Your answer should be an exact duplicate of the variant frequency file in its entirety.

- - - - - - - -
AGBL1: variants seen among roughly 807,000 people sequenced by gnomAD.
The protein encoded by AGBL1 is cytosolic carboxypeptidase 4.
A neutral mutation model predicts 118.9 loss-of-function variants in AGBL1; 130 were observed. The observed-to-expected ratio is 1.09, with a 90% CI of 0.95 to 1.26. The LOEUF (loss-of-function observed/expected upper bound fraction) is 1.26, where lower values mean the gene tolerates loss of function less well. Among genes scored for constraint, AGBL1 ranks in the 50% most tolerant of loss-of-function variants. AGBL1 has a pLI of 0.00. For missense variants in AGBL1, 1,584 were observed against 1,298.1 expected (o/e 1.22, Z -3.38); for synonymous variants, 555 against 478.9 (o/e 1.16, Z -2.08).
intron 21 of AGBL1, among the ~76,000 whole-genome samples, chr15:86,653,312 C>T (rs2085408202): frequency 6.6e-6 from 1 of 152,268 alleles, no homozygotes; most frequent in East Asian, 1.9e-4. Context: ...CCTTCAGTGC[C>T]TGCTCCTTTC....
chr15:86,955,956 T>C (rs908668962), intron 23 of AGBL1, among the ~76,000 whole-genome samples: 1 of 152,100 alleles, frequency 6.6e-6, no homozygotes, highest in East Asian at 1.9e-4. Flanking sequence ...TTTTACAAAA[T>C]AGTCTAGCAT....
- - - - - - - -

AGBL1: variants seen among roughly 807,000 people sequenced by gnomAD.
The protein encoded by AGBL1 is cytosolic carboxypeptidase 4.
A neutral mutation model predicts 118.9 loss-of-function variants in AGBL1; 130 were observed. The observed-to-expected ratio is 1.09, with a 90% CI of 0.95 to 1.26. The LOEUF (loss-of-function observed/expected upper bound fraction) is 1.26, where lower values mean the gene tolerates loss of function less well. Among genes scored for constraint, AGBL1 ranks in the 50% most tolerant of loss-of-function variants. AGBL1 has a pLI of 0.00. For missense variants in AGBL1, 1,584 were observed against 1,298.1 expected (o/e 1.22, Z -3.38); for synonymous variants, 555 against 478.9 (o/e 1.16, Z -2.08).
intron 21 of AGBL1, among the ~76,000 whole-genome samples, chr15:86,653,312 C>T (rs2085408202): frequency 6.6e-6 from 1 of 152,268 alleles, no homozygotes; most frequent in East Asian, 1.9e-4. Context: ...CCTTCAGTGC[C>T]TGCTCCTTTC....
chr15:86,955,956 T>C (rs908668962), intron 23 of AGBL1, among the ~76,000 whole-genome samples: 1 of 152,100 alleles, frequency 6.6e-6, no homozygotes, highest in East Asian at 1.9e-4. Flanking sequence ...TTTTACAAAA[T>C]AGTCTAGCAT....